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Lighting control of Mucha´s monumental work: The Slav Epic – Moravský Krumlov Castle, Czech Republic


The Slav Epic is a cycle of twenty large-format paintings in which the painter Alfons Mucha captured important events in the history of the Slavic people. Today, in addition to its artistic value, it also has immense historical value. Since 2010 the epic has been registered as a movable cultural monument. The Moravský Krumlov Castle, which is now exhibiting the work, had to meet considerable demands on safety, lighting and temperature and humidity stability in the spaces where the paintings are placed. The Tecomat Foxtrot control system helped meet the high demands on quality of lighting and comfort of use.

Implemented by Sadel PRO, s.r.o. in 2021.

Tecomat Foxtrot and lighting control

A DIN rail system for connecting and controlling up to 512 lights is installed throughout the gallery. A total of 150 directional lights are used to light up the paintings and they are individually controlled by the Tecomat Foxtrot system via DALI buses.

The gallery manager controls the entire lighting system from a computer located at the gallery reception. In the clearly arranged application, he can set different intensity of individual lights and thus create the desired light atmosphere in the gallery. Gallery guides also have the option to turn off or on the lighting in individual sections directly from their mobile phones.

More about the Slav epic and its journey through the Czech Republic...

The cycle was created in the years 1910 - 1928 thanks to the support of Mucha's friend, Charles R. Crane. Over the years, the painter gradually donated individually finished paintings to the city of Prague. From July 2021, the collection is on display in Moravské Krumlov chateau. Twenty monumental canvases were lent by Prague for five years to this South Moravian city, where the work was previously exhibited from 1963 to 2011.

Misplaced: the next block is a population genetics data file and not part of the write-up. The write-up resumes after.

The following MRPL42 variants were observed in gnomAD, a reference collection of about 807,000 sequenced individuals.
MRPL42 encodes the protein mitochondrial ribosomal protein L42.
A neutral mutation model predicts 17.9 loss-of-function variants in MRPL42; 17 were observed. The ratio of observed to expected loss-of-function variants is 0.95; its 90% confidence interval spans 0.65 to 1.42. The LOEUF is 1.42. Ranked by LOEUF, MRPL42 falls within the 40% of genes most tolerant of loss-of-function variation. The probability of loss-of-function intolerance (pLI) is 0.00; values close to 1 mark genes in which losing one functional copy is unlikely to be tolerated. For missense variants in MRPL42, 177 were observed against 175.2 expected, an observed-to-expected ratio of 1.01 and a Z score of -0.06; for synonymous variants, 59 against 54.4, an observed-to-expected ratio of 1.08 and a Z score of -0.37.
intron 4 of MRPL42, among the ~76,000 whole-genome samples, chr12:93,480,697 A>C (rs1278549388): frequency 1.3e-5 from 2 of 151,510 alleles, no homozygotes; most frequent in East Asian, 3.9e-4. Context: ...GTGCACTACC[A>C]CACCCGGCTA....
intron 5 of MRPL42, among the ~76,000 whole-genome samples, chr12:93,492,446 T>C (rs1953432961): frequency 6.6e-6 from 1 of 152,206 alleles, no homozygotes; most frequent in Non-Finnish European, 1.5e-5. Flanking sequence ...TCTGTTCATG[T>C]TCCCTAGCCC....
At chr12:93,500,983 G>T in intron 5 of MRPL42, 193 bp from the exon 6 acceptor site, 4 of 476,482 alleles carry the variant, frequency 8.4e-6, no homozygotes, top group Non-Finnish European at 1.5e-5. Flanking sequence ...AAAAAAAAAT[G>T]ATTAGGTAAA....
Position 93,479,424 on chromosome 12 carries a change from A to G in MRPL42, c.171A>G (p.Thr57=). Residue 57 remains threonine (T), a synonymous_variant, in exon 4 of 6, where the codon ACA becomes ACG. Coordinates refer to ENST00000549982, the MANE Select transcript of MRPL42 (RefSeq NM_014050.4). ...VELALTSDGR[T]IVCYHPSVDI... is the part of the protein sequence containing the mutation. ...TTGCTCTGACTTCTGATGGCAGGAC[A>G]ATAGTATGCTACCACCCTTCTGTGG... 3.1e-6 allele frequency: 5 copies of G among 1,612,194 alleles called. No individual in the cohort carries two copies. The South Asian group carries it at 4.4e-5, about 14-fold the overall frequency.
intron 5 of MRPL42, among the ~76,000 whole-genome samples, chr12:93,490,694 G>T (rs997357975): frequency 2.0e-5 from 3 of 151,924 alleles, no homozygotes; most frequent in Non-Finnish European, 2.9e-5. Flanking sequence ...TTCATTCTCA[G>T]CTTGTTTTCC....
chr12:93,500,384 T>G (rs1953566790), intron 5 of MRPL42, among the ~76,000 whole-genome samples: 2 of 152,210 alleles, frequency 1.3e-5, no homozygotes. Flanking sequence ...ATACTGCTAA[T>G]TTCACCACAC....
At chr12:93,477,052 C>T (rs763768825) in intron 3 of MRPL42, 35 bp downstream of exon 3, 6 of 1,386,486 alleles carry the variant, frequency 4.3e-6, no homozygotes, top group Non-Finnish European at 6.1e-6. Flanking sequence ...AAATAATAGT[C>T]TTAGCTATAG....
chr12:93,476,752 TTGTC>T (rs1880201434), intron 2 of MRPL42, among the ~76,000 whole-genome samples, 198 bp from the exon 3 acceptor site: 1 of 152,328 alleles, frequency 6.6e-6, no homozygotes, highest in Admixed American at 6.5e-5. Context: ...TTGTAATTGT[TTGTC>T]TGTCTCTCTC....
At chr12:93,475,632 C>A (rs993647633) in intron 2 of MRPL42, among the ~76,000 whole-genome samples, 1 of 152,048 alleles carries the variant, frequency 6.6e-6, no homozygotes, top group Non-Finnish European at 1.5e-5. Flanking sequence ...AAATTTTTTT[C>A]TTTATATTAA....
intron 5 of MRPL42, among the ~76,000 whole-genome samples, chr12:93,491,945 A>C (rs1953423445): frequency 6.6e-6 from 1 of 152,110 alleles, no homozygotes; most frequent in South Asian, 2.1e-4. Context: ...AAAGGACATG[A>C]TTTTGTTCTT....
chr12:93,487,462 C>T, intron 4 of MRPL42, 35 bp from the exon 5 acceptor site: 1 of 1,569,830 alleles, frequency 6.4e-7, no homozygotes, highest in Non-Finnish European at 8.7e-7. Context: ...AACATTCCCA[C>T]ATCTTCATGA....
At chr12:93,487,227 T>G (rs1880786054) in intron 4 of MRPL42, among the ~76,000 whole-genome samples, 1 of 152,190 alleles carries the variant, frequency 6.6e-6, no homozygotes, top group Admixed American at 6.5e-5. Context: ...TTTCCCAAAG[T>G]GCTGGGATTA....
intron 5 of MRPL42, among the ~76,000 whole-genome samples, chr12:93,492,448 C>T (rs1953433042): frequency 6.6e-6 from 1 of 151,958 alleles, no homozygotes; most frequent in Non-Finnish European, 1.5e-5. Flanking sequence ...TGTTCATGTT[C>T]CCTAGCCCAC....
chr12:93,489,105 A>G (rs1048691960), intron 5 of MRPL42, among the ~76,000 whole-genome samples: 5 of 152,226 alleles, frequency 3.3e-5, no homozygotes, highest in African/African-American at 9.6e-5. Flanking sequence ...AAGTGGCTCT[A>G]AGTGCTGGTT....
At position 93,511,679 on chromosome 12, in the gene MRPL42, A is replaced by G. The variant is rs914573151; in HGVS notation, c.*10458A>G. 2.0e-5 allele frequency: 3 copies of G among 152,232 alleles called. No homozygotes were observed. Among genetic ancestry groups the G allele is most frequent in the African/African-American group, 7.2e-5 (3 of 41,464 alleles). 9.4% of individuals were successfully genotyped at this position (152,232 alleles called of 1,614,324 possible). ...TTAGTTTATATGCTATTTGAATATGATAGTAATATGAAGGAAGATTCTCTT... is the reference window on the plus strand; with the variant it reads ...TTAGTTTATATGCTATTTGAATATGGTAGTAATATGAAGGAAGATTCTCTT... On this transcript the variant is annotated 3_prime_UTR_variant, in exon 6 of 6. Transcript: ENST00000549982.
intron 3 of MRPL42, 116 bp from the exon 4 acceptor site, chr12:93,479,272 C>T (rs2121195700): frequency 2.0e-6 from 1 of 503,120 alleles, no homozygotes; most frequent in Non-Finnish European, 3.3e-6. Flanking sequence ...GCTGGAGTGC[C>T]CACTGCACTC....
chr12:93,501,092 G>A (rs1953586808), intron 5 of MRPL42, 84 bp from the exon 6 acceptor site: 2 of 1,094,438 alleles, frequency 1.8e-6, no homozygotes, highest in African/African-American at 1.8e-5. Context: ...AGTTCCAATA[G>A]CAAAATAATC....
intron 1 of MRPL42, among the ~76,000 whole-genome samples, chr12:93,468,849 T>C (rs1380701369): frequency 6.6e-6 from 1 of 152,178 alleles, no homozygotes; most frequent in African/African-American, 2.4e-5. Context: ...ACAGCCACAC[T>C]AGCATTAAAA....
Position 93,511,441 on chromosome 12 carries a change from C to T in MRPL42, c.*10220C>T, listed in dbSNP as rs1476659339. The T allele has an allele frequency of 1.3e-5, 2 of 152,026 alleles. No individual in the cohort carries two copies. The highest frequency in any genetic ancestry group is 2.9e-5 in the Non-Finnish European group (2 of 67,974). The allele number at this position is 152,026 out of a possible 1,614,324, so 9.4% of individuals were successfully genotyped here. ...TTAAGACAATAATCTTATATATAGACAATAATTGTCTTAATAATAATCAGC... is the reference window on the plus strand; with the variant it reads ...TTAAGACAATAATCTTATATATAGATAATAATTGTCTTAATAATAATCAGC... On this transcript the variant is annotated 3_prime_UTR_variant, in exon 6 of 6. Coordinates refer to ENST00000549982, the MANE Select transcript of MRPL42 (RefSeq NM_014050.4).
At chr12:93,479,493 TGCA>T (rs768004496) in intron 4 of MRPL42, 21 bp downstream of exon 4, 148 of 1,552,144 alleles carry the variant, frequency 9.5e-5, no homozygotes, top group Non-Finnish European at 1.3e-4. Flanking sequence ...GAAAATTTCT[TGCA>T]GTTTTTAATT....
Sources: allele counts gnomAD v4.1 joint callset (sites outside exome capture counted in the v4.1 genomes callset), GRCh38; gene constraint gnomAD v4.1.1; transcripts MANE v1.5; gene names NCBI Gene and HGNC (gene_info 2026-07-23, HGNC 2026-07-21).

The City of Prague, together with the Gallery of the City of Prague, has set strict conditions for lending and exhibiting works of immense historical value to Moravský Krumlov. Therefore, the exhibition was preceded by the purchase of the castle from a private owner and the reconstruction of its interiors in order to meet the high demands on safety, lighting and temperature and humidity stability. The city of Moravský Krumlov gradually invested more than 50 million Czech crowns in improving exhibition conditions. The castle thus currently meets the highest European parameters for displaying works of art.
Mucha devoted half of his canvases to the history of the Czechs, Moravians and Silesians and their history, religion and culture, and the other half to all Slavs. The creation of really large paintings required large spaces - that's why Mucha rented part of the Zbiroh castle, where he created the cycle from 1910 – in the end it took eighteen years! The seven largest canvases measure 8.1 meters by 6.1 meters. He often stayed at the castle also with his family and his children became his model, too. Mucha prepared for painting each scene by reading, consulting with historians and taking study trips to Croatia, Bulgaria, Poland, Greece and Russia, from where he brought drawings and his own photographs. He saw the whole work as a mission, as a service not only to the Czech nation, but also as his contribution to mutual knowledge and strengthening relationship in the "Family of Slavs".